At the same time, investment firms, consultants, and insurance companies are in the process of setting up private health exchanges that work similarly to the public ones. The major difference is that these exchanges target large corporations with an emphasis on reducing their operating costs and improving their corporate bottom-line. Sears and Darden (the parent company of Red Lobster and Olive Garden, among others) are among the first to take advantage of this, using an exchange set up by Aon Hewitt. (On a side note, Aon settled late last year with the SEC and the Department of Justice in the amounts of $14.5 million and $1.76 million respectively for violations of the Foreign Corrupt Practices Act). While un-related to the health exchange program, the federal fines show a company inclined to play fast and loose with the rules.


The Aon Hewitt exchange is likely the first of many. Earlier this year, consulting firm Booz & Company published a report laying out the pros and cons (mostly pros) of private health exchanges. At least two other human resource consultancies, Mercer (whose parent company Marsh and McLennan paid a combined $400 million to settle with New Jersey Ohio in 2009 for “false and misleading statements” in public filings and other communications) and Extend Health Inc., are in the process of setting them up, according to Workforce.com . Not to be left out, some Blue Cross companies have bought into Bloom Health - another company offering private exchanges. Whether offered by for-profit or non-profit companies, it is clear private health exchanges will soon be a major part of the healthcare landscape.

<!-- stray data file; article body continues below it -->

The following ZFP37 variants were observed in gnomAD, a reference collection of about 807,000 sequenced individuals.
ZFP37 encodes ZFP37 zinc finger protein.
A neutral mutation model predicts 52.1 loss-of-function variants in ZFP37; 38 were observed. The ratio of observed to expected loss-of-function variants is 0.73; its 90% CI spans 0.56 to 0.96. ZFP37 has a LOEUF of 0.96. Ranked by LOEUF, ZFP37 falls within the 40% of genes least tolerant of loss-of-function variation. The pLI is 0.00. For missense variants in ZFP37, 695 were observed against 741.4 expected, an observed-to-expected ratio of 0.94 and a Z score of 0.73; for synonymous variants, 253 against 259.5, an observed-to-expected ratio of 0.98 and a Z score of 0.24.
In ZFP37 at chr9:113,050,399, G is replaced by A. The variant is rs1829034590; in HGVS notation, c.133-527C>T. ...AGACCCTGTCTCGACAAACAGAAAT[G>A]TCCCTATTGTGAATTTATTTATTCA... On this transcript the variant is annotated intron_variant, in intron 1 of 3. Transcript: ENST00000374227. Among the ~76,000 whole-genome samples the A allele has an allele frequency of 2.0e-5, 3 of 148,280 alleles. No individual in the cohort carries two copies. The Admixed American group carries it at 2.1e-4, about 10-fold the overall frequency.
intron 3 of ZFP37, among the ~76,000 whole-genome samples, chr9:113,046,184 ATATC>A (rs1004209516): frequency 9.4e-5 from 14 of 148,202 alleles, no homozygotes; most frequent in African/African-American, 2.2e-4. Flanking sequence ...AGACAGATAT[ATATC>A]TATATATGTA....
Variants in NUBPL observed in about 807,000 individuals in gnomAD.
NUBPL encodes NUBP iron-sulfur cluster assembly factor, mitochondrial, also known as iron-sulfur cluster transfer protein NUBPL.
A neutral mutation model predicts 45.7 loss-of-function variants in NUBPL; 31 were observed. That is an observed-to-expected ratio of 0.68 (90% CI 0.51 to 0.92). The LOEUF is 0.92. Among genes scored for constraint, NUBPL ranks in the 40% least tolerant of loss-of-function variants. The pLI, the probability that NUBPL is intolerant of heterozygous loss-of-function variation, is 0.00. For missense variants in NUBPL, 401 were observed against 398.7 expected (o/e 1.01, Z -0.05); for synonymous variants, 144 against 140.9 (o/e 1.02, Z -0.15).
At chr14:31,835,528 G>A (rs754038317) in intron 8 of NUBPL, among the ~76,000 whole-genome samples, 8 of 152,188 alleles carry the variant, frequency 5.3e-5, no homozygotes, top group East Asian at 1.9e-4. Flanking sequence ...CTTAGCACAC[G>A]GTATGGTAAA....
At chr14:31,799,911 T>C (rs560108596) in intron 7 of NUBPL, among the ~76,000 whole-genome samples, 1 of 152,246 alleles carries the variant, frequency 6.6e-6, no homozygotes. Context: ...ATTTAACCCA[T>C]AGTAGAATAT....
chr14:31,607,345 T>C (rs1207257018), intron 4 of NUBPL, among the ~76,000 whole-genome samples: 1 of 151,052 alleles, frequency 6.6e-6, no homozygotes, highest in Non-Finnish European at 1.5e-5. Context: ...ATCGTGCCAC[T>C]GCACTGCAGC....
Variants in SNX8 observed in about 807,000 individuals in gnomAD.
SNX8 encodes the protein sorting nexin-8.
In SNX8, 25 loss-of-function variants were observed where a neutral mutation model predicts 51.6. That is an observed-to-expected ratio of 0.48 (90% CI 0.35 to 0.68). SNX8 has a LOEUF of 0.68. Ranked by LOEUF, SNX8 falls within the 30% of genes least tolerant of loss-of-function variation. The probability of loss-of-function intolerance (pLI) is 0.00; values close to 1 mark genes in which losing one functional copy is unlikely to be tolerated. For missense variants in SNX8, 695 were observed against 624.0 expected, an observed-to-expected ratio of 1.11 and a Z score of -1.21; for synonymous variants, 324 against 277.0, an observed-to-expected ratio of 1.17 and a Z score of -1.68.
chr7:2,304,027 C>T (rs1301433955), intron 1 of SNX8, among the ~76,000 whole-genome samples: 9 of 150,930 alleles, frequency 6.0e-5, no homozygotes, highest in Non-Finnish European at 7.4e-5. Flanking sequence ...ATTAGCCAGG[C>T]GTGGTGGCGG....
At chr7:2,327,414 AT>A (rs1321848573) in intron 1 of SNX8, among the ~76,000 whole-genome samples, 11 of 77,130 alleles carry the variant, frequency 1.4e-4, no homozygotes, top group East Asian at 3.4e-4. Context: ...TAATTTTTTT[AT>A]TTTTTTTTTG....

Given these latest developments, it's fair for working Americans to ask some pointed questions : To what extent will the burden and risk of providing health insurance now be transferred from employer to employee? Is this the beginning of the end of traditional defined benefit health insurance? Who specifically stands to profit from these changes and what influence will they exert on the legislative process?

UWS Digital News will continue report on this, but if the switch to defined contributions in health care is anything like what happened to retirement plans, the answers will be costly for workers and their families.